Court of Appeal deals with admissibility of partial statements used as evidence of guilt

Court found trial judge misdirected jury

Court of Appeal deals with admissibility of partial statements used as evidence of guilt

Finding that the trial judge had incorrectly instructed the jury in two key aspects of the case, the Ontario Court of Appeal has ordered a new trial for a woman convicted of first-degree murder in the killing of her ex-husband.

R. v. Merritt dealt with the admissibility of intercepted statements, which appear to be admissions of guilt but are partly unintelligible. Justices James MacPherson, David Paciocco, and Julie Thorburn found that the judge’s instructions did not adequately advise the jury that if they could not determine the meaning of the statement as a whole, given its context, the statement could not be used as an admission of guilt. The court also found that the trial judge “misdirected” the jury on the reasoning process it should use to decide whether omissions in the accused’s police interview constituted after-the-fact conduct indicating her guilt.

The justices declined to apply the curative proviso to dismiss the appeal despite the trial judge’s errors.

“The important point in this case, particularly after Schneider was released from the Supreme Court, is that anytime the jury is dealing with an incomplete statement, it’s very important that they be properly instructed that if they can’t determine the meaning of the statement, because there are inaudible portions, they can’t treat that statement akin to a confession or an admission of guilt,” says Mark Halfyard, a senior appellate lawyer at Daniel Brown Law, who acted for Melissa Merritt.

“Confessions are a type of evidence that is deceptively persuasive to jurors,” he says. “Anytime the Crown can stand up there and say, ‘The person admitted in a statement that they committed the crime,’ juries are going to give that significant weight. So, trial judges have to be very careful to make sure that jurors are equipped with the right tools to not over-rely on something that may not, in fact, be a confession… Misuse of confessions are one of the leading causes of wrongful convictions.”

In R. v. Merritt, 2023 ONCA 3, Caleb Harrison and Melissa Merritt were tangled in a bitter custody dispute when, in 2013, Harrison was found strangled to death in his bed. DNA and other evidence linked Christopher Fattore, Merritt’s common-law spouse, to the murder.

Harrison’s parents, Bill and Bridget, died in 2009 and 2010. The parents were also involved in the custody dispute, having taken over their son’s parenting time while he was incarcerated between 2009 and 2010.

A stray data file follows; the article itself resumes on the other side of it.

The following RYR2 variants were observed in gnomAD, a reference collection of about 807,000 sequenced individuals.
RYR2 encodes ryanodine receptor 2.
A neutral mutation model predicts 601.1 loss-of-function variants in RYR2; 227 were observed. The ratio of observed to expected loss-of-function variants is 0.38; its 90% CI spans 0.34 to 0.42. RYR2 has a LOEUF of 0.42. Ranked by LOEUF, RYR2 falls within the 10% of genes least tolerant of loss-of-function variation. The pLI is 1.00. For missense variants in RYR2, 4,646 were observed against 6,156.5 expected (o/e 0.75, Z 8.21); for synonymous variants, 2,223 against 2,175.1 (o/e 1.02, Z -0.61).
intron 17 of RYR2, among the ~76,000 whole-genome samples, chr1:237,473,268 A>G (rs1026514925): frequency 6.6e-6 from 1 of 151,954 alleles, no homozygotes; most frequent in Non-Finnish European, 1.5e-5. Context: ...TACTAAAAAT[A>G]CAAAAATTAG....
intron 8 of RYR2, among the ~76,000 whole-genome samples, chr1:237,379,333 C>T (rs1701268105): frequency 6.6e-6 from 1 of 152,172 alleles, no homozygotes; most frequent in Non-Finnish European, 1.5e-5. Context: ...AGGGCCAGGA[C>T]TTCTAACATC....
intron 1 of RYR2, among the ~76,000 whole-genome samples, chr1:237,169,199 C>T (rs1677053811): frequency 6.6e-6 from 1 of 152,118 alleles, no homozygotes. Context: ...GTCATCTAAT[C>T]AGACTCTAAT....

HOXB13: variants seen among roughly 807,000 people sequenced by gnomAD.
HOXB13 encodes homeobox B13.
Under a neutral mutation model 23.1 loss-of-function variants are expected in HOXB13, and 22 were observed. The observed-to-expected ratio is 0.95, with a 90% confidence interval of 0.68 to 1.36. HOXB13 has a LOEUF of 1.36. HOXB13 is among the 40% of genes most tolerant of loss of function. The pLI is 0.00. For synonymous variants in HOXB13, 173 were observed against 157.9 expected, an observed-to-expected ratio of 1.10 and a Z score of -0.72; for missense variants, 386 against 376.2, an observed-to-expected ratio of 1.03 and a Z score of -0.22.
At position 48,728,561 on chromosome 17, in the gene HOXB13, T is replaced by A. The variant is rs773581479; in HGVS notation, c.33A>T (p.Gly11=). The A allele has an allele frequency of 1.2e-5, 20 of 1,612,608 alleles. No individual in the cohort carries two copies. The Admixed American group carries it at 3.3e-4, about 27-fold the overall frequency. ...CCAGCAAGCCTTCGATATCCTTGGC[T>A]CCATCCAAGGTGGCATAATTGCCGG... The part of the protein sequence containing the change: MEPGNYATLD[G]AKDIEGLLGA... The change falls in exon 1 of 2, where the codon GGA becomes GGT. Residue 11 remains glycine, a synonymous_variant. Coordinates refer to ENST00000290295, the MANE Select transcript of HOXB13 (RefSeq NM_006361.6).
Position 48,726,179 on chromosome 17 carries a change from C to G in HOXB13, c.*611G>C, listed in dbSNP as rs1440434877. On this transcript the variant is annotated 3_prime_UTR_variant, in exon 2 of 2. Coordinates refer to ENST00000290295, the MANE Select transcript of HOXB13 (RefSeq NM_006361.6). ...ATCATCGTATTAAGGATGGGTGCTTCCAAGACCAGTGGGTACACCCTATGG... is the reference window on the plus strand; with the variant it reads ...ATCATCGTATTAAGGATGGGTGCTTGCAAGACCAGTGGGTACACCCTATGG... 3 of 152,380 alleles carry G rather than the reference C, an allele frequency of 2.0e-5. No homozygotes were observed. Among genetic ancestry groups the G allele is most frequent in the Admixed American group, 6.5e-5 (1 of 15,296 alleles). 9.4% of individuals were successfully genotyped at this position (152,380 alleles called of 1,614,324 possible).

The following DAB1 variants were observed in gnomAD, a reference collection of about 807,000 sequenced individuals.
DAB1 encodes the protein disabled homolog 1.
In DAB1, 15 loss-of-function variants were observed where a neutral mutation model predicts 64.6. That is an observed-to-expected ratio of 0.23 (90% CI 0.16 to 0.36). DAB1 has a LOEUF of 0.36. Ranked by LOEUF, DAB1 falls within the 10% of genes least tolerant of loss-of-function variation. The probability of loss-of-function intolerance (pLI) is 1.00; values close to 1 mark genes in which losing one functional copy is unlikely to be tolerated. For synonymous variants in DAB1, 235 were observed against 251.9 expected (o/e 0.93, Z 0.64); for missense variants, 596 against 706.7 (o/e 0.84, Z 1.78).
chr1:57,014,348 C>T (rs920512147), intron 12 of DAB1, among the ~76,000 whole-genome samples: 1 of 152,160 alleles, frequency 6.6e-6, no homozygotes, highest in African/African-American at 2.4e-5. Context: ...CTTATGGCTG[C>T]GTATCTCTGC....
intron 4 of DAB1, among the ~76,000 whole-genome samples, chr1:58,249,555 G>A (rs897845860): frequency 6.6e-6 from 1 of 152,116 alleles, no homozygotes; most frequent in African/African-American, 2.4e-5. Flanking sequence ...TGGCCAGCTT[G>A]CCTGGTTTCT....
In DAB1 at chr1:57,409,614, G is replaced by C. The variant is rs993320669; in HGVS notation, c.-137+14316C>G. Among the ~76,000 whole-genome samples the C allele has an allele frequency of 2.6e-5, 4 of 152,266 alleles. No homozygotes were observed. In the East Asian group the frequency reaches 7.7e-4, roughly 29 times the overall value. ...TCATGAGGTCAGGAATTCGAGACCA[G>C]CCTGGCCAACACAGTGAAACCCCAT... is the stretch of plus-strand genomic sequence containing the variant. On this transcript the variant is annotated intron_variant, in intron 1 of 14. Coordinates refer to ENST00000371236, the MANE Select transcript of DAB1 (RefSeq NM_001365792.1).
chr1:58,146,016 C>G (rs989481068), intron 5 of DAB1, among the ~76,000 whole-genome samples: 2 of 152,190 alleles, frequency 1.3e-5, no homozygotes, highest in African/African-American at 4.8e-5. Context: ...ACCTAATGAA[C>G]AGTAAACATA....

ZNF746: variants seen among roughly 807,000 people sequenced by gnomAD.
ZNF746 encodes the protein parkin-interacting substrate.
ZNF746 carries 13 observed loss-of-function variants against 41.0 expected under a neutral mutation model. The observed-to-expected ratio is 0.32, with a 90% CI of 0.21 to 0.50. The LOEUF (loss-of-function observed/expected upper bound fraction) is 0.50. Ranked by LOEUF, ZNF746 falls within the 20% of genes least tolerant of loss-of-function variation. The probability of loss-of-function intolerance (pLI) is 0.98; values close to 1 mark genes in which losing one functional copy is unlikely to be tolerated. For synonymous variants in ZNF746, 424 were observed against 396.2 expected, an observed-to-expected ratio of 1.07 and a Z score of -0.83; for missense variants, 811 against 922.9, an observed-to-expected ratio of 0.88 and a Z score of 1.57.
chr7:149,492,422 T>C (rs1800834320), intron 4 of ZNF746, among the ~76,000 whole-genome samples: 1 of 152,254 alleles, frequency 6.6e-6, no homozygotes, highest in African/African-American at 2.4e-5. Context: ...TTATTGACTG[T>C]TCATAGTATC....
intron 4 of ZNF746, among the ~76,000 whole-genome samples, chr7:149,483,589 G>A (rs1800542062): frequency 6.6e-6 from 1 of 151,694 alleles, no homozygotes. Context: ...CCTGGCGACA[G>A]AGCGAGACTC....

The cause of Bill’s death was undetermined. He was found dead in his home in a locked bathroom with a broken sternum. But there were no other signs of physical trauma, and “violence was cast into doubt as a cause of his death because there were no associated injuries, as one might expect if the injury to the sternum had occurred at the time of his death,” said Justice Paciocco, who wrote the reasons for the Court of Appeal’s panel. Merritt abducted the children she shared with Caleb the day Bill died and left the province with Fattore.

The following year Bridget was found dead in the same house at the bottom of a staircase. Her death was the result of a neck injury. At trial, three of the four expert witnesses testified the injury was caused by “neck compression,” while the other said she likely died from falling down the stairs. Bridget’s death came 11 days after she had reported Merritt to the police for breaching bail release conditions, which were imposed after her child abduction charge.

When Caleb was found dead, he had sole custody of the children. At the time, Merritt had an outstanding application seeking joint custody, which claimed Caleb was obstructing her access.

Police arrested Merritt and Fattore for the murders of Bridget and Caleb in January 2014. They were tried jointly on the theory that Merritt was complicit in the murders. The jury acquitted her in Bridget’s murder, but she was convicted of Caleb’s first-degree murder. The jury convicted Fattore in both.

The Court of Appeal dismissed Fattore’s appeal, based on the admissibility of his confession during police interrogation that he had planned and deliberately carried out both murders.

On appeal, Merritt argued the trial judge had erred in his jury instructions concerning a statement the police had recorded her making to Fattore as the two awaited their flight back to Ontario after their arrest in Nova Scotia. The partially inaudible statement was: “[unintelligible] the audio tapes would’ve fucked us anyways.” The Crown argued at trial that this was an admission of guilt for Caleb’s murder.

In R. v. Schneider, 2022 SCC 34, said Justice Paciocco, Supreme Court of Canada Justice Malcolm Rowe “explained that if a jury can give meaning to the statement the accused made in a manner that is non‑speculative in light of all of the evidence, testimony about that statement is relevant and admissible unless excluded as a matter of discretion because its probative value is outweighed by the risk of prejudice it presents.”

The court allowed both Merritt’s grounds of appeal and ordered a new trial.

The Crown had also submitted that the court should dismiss Merritt’s appeal, despite the judge’s errors, because the errors are “trivial and insignificant” compared with the incriminating evidence. But the court found that this proviso, from s. 686(1)(b)(iii) of the Criminal Code was not applicable because there was no direct evidence implicating Merritt, and a “properly instructed jury” could be left with a reasonable doubt. This was not a case where the evidence was “so overwhelming that a reasonable and properly instructed jury would inevitably have convicted,” said Justice Paciocco.

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